Desperado is a 1995 Western that introduced many to a new Latin action hero and while it was criticized for its violence, it helped trail-blaze a path for a new breed of filmmakers. A film that only improves with age, it was a huge box office hit that was critically acclaimed. And like every movie, it has one great moment.
A sequel to the Spanish-language film El Mariachi (1992), the eponymous hero (Antonio Banderas) searches for a heavily-fortified drug kingpin named Bucho (Joaquim de Almeida), who killed his girlfriend and maimed his hand. He travels to a small village where he finds help in an unexpected place, meeting a beautiful woman named Carolina (Salma Hayek) with a secret of her own. While the two begin to fall in love, the showdown with Bucho draws near and to survive, they need to work together, preferably as sexily as possible. Big guns also help.
Our One-Line Alliterative Summary
Directed by Robert Rodriguez, Desperado is a stylistic action film that gleefully embraces its cartoon violence and over-wrought dialogue, crafting one visually stunning set piece after another that paints the attractive leads like comic book characters, purposefully avoiding any depth in who these people are beyond the necessary characters traits each is required to embellish. The film never loses sight of its intent though and delivers an often fun, very brutal experience that never looses interest. A true classic.
The Great Moment
This moment is all about style and begins when El Mariachi learns that his nemesis is nearby and so heads to the local watering hole for a shootout with Bucho’s less than capable henchman. Slightly injured, he makes his way to the bookstore where Carolina tends to him and discovers his guitar case full of weapons, easily identifying him as the legendary gunslinger. He asks for her help in finding the elusive Bucho, then leaves his guns with her as he meets his American friend (Steve Buscemi), who has been working to locate the gang leader as well. He is ambushed by a rival and severely wounded. Barely making it back to Carolina, he learns that she too works for the drug-running Bucho, but when Bucho comes to the bookstore in search of El Mariachi, Carolina hides the wounded man and lies to Bucho, sending him away and convincing El Mariachi that she can be trusted.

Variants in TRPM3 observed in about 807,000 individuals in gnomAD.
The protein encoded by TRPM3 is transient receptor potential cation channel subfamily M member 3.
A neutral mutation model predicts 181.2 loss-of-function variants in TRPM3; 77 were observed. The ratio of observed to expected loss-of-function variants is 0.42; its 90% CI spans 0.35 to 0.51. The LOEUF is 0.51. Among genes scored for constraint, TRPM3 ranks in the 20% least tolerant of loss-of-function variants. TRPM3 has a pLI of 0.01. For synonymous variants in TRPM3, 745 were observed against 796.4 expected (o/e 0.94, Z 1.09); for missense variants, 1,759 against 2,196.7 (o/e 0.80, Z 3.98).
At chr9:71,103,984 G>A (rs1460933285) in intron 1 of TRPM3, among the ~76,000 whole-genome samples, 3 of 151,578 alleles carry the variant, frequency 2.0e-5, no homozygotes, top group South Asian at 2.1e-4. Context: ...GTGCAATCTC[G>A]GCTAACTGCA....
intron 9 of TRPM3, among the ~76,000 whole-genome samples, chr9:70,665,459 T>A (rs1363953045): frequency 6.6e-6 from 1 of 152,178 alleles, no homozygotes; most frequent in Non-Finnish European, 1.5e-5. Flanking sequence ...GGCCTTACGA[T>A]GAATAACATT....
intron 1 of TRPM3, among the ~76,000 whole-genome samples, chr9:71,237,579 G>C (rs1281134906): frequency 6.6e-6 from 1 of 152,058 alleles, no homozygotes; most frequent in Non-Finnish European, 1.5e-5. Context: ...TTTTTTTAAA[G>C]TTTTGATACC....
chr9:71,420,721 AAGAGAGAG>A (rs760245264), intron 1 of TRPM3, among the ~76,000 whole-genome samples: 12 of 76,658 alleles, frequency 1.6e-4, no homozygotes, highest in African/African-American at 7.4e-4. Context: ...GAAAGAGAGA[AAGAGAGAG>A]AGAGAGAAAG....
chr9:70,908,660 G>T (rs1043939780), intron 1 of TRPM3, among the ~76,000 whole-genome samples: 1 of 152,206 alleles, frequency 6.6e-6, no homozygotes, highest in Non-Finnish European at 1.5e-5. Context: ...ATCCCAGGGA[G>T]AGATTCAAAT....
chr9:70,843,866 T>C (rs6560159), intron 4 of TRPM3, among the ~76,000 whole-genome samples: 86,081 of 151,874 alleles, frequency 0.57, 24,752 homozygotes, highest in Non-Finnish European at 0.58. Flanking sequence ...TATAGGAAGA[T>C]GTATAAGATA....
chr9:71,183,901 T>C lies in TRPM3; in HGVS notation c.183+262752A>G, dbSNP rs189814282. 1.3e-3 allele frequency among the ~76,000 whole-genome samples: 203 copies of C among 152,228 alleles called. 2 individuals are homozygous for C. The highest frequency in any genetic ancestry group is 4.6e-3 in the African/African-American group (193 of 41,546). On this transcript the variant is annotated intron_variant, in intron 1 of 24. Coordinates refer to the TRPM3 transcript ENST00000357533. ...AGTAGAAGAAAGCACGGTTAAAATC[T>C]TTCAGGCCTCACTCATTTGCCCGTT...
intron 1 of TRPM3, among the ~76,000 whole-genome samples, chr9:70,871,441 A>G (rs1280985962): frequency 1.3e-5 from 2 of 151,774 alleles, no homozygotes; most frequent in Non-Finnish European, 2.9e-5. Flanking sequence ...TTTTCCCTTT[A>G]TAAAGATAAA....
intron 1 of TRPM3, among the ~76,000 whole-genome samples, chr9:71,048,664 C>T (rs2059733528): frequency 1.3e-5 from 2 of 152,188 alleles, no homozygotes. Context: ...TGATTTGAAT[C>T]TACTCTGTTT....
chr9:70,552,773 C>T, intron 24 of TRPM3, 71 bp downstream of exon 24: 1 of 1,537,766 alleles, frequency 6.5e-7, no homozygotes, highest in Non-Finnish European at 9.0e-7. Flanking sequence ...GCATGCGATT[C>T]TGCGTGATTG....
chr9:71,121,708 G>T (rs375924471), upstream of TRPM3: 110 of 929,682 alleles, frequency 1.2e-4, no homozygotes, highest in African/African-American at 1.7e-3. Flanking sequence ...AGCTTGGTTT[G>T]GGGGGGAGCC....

After El Mariachi and Carolina enjoy a candle-lit moment of passionate, super-hot sex, Bucho comes back, realizing that she has betrayed him. He orders his men to burn her store to the ground and the flames force the new lovers to escape up to the building’s roof where they are met with some gunmen both on the stairs, and on the street below. With some quick thinking (and a kiss), they silently agree they must jump to the neighboring roof and once she sheds her (mixed matched) shoes, makes the leap as bullets fly around her. El Mariachi faces two more on the roof and spins around with his toes on the ledge, his back to the other other building before pushing off, firing at the bad guys with both hands as he sails over to the waiting Carolina. A fireball ensues. Cue the slo-motion walk. It’s ridiculous and awesome and helped propel Banderos and Hayek into international superstardom. This is an excessive, explosive, sexy good time.
That Moment In Desperado (1995): Roof Jumping
Director: Robert Rodriguez
Writer: Robert Rodriguez
Stars: Antonio Banderas, Salma Hayek, Joaquim de Almeida, Steve Buscemi, Quentin Tarantino